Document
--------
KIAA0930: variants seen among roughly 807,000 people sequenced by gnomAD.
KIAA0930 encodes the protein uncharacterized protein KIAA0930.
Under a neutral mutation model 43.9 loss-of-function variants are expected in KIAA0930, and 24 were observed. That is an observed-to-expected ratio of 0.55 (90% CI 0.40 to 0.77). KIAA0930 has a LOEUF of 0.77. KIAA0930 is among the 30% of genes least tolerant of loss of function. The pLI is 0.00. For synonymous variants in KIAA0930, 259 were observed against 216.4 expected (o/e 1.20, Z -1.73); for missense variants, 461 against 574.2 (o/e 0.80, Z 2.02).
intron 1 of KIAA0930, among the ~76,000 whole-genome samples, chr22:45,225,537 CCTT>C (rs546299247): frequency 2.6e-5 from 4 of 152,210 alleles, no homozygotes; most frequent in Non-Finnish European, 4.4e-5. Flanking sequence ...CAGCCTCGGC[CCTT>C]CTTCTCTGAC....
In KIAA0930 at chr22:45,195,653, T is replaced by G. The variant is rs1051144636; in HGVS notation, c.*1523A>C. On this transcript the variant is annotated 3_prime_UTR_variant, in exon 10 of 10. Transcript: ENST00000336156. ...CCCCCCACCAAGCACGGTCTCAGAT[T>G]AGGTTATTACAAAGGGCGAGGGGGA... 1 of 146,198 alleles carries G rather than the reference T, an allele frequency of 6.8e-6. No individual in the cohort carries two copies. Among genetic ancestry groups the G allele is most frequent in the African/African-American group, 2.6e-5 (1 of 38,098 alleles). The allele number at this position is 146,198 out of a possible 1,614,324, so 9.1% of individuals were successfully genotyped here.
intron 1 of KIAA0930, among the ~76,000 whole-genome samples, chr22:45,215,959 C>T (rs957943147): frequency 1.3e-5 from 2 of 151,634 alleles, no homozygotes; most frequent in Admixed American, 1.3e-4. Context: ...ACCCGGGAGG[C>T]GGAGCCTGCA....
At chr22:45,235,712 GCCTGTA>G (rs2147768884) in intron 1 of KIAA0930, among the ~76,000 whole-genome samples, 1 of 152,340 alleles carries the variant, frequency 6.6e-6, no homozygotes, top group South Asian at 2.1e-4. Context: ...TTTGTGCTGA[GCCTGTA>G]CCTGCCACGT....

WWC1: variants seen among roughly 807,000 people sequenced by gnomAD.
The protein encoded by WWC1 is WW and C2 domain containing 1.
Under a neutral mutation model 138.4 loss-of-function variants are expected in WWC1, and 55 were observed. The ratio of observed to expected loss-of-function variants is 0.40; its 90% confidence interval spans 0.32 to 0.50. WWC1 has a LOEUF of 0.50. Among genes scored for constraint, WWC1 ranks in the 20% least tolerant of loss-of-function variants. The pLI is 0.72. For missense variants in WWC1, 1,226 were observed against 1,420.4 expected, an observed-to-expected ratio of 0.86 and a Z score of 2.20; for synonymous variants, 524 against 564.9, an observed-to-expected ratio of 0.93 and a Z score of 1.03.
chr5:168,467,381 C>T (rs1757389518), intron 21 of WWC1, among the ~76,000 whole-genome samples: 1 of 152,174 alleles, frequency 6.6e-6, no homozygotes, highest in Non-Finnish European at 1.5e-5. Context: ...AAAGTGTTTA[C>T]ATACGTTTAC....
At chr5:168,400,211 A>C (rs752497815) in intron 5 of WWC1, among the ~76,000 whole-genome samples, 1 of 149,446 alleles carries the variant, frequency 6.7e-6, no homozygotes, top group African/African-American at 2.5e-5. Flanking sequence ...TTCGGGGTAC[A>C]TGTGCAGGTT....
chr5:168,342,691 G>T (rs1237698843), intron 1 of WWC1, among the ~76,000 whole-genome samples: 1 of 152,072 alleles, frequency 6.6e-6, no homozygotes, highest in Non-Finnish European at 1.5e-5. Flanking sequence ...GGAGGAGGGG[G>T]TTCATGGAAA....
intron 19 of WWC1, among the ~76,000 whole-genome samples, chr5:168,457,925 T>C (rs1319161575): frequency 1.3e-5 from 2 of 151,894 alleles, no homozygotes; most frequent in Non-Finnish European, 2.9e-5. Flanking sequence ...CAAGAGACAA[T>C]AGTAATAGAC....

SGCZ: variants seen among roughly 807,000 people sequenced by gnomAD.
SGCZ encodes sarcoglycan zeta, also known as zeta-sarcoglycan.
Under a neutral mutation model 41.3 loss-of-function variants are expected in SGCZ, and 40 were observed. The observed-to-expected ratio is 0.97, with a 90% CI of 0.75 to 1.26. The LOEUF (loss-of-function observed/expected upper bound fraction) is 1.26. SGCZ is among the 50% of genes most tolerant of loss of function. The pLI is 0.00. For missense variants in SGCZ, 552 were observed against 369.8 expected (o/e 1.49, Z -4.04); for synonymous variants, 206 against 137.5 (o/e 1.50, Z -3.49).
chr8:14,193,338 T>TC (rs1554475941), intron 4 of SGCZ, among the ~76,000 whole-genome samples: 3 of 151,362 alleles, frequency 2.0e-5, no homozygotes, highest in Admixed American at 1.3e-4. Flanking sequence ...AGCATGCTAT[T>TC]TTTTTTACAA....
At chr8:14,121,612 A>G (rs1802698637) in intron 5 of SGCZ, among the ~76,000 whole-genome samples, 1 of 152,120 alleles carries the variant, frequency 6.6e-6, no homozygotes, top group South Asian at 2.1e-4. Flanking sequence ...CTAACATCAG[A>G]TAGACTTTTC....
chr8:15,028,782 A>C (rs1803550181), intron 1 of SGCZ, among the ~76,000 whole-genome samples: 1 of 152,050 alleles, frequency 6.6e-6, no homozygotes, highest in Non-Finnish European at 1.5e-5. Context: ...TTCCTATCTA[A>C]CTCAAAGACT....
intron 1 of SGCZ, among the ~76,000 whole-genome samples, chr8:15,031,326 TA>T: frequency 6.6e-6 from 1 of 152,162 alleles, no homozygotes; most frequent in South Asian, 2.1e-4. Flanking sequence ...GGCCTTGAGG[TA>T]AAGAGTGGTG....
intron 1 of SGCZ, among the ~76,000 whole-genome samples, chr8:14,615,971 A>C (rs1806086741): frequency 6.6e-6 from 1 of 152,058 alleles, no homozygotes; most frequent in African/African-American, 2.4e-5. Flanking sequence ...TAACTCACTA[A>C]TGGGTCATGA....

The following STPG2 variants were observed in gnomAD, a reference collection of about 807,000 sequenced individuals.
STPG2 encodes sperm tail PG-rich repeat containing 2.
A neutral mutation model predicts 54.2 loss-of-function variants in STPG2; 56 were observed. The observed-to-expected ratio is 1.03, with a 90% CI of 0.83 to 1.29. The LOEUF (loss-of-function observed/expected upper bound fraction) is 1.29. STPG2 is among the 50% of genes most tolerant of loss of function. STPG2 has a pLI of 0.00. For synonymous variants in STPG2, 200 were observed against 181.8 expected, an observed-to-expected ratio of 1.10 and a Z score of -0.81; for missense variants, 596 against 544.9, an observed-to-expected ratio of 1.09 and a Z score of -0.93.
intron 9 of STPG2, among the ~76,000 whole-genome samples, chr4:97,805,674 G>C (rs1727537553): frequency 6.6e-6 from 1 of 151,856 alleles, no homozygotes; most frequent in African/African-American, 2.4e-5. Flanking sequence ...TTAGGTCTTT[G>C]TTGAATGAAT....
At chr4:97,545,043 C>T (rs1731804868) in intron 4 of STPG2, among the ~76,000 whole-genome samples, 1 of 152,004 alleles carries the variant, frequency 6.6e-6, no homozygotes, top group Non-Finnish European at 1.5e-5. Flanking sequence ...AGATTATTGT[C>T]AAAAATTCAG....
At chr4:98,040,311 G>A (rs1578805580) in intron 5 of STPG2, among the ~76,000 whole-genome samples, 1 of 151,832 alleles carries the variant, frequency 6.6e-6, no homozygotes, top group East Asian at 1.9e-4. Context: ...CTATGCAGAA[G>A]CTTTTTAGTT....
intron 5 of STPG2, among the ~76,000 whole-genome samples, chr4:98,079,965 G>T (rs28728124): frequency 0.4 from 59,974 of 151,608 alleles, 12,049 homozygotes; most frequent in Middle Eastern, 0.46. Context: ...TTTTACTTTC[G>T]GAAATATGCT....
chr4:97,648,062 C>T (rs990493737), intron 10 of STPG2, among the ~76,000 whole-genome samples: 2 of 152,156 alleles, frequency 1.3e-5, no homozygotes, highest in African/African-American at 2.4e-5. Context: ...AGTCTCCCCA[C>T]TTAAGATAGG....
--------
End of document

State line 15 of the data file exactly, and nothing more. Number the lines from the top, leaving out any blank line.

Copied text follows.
SGCZ: variants seen among roughly 807,000 people sequenced by gnomAD.